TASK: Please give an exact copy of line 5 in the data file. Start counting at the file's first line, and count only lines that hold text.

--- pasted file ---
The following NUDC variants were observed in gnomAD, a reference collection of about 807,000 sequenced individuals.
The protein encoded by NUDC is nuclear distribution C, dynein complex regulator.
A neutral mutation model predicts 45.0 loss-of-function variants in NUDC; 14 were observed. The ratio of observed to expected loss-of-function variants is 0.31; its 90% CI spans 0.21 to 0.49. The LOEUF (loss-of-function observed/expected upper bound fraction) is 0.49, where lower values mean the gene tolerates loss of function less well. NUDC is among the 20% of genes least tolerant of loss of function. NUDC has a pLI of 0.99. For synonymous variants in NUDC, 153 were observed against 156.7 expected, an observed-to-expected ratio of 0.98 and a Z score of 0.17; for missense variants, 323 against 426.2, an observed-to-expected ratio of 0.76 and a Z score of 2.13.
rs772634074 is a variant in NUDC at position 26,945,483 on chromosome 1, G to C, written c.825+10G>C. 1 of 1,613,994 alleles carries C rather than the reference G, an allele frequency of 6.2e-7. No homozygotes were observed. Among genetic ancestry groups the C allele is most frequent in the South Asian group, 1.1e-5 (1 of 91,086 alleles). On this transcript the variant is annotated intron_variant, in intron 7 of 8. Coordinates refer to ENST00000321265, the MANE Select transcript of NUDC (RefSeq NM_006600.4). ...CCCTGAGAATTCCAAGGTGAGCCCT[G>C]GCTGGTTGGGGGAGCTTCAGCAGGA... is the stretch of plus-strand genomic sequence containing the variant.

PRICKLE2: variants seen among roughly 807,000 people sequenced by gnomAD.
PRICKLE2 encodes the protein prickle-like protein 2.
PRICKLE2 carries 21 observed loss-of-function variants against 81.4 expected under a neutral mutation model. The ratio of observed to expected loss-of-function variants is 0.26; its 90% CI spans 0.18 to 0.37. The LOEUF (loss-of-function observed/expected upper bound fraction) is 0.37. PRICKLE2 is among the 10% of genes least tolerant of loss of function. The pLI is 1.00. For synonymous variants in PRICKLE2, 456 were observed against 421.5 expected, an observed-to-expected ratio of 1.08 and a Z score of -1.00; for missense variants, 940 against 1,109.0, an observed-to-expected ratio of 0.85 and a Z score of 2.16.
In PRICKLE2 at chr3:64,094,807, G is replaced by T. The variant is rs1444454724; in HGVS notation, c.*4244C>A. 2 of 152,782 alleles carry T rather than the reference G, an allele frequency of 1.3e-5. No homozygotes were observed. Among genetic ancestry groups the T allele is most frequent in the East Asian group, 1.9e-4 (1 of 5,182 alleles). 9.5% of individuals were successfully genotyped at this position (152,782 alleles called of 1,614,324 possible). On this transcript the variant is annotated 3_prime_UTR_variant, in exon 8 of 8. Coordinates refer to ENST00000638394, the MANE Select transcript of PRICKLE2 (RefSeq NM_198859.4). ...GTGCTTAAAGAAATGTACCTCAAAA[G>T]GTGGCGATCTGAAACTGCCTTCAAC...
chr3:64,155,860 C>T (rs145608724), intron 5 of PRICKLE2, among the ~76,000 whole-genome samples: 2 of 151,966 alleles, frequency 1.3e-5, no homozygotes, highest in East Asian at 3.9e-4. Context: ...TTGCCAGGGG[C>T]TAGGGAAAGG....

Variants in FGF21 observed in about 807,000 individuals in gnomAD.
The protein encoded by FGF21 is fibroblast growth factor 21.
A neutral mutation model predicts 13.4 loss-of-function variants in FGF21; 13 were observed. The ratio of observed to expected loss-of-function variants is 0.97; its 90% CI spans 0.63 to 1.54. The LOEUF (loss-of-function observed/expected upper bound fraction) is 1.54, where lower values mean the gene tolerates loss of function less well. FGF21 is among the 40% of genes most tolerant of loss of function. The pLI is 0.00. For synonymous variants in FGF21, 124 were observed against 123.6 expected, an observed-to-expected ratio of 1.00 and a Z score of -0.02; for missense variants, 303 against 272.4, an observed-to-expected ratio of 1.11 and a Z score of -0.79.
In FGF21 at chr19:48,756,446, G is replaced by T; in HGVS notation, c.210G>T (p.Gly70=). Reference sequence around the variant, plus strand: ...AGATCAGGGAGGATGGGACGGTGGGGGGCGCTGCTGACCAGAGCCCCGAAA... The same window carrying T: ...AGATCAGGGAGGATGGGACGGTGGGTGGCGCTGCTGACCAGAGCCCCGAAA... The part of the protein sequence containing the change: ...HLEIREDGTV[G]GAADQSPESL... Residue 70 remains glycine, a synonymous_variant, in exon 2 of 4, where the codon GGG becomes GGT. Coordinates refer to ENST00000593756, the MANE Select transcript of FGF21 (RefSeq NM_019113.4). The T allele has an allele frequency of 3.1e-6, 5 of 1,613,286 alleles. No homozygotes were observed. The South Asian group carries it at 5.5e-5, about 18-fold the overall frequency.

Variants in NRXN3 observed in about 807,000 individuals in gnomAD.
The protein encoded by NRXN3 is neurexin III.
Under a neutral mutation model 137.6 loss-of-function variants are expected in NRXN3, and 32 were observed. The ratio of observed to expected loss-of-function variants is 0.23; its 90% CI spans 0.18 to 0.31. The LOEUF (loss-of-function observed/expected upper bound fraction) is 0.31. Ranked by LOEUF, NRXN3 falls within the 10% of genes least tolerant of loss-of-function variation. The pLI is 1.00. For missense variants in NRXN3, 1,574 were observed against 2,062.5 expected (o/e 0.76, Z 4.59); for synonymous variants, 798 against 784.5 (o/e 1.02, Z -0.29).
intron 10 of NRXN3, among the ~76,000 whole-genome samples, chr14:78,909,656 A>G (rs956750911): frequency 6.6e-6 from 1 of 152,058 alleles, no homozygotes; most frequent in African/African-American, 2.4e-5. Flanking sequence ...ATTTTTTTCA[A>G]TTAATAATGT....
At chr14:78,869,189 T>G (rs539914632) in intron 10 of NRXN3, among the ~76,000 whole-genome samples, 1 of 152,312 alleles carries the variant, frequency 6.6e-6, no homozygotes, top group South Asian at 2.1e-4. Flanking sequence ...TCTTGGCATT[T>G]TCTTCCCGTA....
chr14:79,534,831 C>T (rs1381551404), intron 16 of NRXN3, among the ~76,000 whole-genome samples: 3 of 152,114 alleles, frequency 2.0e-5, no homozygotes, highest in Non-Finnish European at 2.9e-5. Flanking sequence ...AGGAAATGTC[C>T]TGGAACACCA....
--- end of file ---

PRICKLE2: variants seen among roughly 807,000 people sequenced by gnomAD.